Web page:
May 5, 2011

Red Wine May Be Good For Your Heart but Is It Beneficial Inside Stents?

Posted in Heart Disease in the News, New Heart Studies, Uncategorized tagged , , , , , at 1:50 pm by keepyourhearthealthy

This image shows a red wine glass.

Image via Wikipedia

A new study is currently testing “red wine” stents in animals.

As far as eye-catching research goes, this one certainly has attracted some attention.  A new study of lab rats showed that a component of red wine used during angioplasty reduced the chances of plaque buildup.  Red wine has a high concentration of polyphenols which have been shown in past studies to reduce plaque buildup, thin the blood and promote positive vessel regrowth.

All of the good effects of red wine are hopefully going to be included in a new type of drug-eluting stent for humans in the near future.  The rat studies have been promising thus far.  Unlike other drug-eluting stents, the red wine polyphenols prevent re-blockage while also promoting healing.  The ability to heal safely without blocking the vessel is key to making the red wine stents successful.

January 16, 2011

Absorbable Stents…The Wave of the Future?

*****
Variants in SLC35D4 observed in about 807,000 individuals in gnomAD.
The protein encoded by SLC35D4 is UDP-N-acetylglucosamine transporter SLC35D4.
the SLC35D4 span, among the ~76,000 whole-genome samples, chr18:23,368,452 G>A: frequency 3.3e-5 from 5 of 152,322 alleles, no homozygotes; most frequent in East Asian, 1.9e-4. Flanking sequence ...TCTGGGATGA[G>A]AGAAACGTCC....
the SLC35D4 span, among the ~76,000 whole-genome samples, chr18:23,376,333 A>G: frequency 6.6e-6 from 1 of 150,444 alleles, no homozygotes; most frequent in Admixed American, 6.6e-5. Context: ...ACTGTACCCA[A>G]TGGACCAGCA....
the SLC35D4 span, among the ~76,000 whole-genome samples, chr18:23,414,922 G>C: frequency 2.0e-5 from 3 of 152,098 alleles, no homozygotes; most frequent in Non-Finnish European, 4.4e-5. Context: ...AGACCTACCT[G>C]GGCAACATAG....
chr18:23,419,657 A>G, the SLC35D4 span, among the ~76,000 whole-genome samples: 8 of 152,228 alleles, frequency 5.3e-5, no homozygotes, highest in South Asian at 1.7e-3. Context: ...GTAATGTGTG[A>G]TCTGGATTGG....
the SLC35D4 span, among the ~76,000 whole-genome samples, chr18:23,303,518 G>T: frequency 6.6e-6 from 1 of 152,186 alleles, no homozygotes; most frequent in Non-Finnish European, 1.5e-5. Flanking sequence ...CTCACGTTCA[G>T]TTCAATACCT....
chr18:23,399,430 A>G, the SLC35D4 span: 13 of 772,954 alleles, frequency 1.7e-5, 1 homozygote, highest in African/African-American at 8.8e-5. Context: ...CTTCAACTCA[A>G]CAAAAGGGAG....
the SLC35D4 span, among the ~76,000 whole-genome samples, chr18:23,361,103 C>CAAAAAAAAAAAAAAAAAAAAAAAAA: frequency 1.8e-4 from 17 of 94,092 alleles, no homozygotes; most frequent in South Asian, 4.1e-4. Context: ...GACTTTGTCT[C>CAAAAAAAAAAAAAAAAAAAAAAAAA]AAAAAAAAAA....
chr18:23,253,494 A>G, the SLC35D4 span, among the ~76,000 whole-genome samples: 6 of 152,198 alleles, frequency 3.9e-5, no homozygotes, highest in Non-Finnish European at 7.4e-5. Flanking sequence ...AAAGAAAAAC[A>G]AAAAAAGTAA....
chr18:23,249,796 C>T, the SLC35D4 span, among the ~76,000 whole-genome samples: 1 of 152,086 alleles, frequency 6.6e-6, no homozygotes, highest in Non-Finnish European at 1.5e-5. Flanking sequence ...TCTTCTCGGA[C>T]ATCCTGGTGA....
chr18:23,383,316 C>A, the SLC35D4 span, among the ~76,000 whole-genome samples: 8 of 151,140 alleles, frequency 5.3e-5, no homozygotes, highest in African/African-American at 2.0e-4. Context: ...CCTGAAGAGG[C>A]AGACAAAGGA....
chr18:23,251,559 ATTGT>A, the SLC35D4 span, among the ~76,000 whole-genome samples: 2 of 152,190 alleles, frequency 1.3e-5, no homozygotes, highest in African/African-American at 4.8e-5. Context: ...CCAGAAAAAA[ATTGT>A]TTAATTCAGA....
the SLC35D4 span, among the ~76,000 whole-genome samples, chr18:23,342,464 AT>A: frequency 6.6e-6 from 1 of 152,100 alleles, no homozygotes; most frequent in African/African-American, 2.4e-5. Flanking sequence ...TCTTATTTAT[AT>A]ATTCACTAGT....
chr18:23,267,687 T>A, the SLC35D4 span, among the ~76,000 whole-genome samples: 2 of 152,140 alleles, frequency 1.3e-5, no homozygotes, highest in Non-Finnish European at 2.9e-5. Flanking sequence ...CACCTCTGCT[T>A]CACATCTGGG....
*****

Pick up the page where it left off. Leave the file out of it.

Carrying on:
Posted in Heart Disease in the News, New Heart Studies, Uncategorized tagged , , , , , , , , , at 3:37 pm by keepyourhearthealthy

Stents for peripheral vessels

Image via Wikipedia

Europe approved the first bioabsorbable stent this week giving cardiac patients hope for a future without the need for Plavix or Effient.

Ever since stents became widely popular over 20 years ago the art of stent placement has been evolving.  Stents are tiny wire-mesh tubes placed over a blockage in an artery of the heart.  Initially bare metal stents were used but they were prone to inflammation and further bloackages within several years in some cases.  Eventually drug coated or drug eluting stents were developed which lowered the rate of reblockage as long as the patient takes aspirin and either Plavix or Effient.  Without Plavix or Effient, patients with drug coated stents are more likely to have a heart attack related to blockages within their stent.

The concept of stenting a heart artery at this point in time is not perfect.  Europe hopes to bring it closer to perfection with the latest in stent technology.  A bioabsorbable stent will soon be available for implanting in the general public of Europe. This new absorbable stent is absorbed by the artery wall and thereby nearly vanishes within years.  The stent has been shown in studies to be at least one-third absorbed within 2 years.  A stent that vanishes means patients will no longer be required to take Plavix or Effient.

Patients in the US may be able to enroll in a global trial using the new absorbable stents later this year.  Don’t expect to see them going mainstream here anytime in the next few years though.  Large-scale studies need to be completed long before a technology such as this can be FDA-approved in the US.